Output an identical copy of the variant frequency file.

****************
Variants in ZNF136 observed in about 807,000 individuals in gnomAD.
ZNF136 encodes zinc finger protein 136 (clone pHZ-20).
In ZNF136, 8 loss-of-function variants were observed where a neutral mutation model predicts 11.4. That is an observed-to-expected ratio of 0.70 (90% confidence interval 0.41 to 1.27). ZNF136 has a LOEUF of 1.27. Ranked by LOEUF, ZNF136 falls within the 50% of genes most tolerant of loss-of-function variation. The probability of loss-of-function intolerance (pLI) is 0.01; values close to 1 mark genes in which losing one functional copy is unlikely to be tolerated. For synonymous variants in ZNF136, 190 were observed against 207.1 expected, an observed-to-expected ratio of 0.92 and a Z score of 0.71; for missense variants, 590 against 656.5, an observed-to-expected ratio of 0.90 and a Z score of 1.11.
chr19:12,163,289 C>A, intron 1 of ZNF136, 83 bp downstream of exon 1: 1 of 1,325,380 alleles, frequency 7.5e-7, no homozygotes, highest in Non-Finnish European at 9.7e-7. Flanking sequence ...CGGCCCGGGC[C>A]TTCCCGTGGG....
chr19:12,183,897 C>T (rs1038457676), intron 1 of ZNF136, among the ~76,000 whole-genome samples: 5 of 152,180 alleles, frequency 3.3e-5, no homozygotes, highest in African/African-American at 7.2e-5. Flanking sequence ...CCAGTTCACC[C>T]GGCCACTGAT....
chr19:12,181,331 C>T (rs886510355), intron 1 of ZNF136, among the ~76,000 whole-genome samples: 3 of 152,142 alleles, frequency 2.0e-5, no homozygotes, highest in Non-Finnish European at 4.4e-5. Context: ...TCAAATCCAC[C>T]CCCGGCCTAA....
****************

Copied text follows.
Variants in ZNF136 observed in about 807,000 individuals in gnomAD.
ZNF136 encodes zinc finger protein 136 (clone pHZ-20).
In ZNF136, 8 loss-of-function variants were observed where a neutral mutation model predicts 11.4. That is an observed-to-expected ratio of 0.70 (90% confidence interval 0.41 to 1.27). ZNF136 has a LOEUF of 1.27. Ranked by LOEUF, ZNF136 falls within the 50% of genes most tolerant of loss-of-function variation. The probability of loss-of-function intolerance (pLI) is 0.01; values close to 1 mark genes in which losing one functional copy is unlikely to be tolerated. For synonymous variants in ZNF136, 190 were observed against 207.1 expected, an observed-to-expected ratio of 0.92 and a Z score of 0.71; for missense variants, 590 against 656.5, an observed-to-expected ratio of 0.90 and a Z score of 1.11.
chr19:12,163,289 C>A, intron 1 of ZNF136, 83 bp downstream of exon 1: 1 of 1,325,380 alleles, frequency 7.5e-7, no homozygotes, highest in Non-Finnish European at 9.7e-7. Flanking sequence ...CGGCCCGGGC[C>A]TTCCCGTGGG....
chr19:12,183,897 C>T (rs1038457676), intron 1 of ZNF136, among the ~76,000 whole-genome samples: 5 of 152,180 alleles, frequency 3.3e-5, no homozygotes, highest in African/African-American at 7.2e-5. Flanking sequence ...CCAGTTCACC[C>T]GGCCACTGAT....
chr19:12,181,331 C>T (rs886510355), intron 1 of ZNF136, among the ~76,000 whole-genome samples: 3 of 152,142 alleles, frequency 2.0e-5, no homozygotes, highest in Non-Finnish European at 4.4e-5. Context: ...TCAAATCCAC[C>T]CCCGGCCTAA....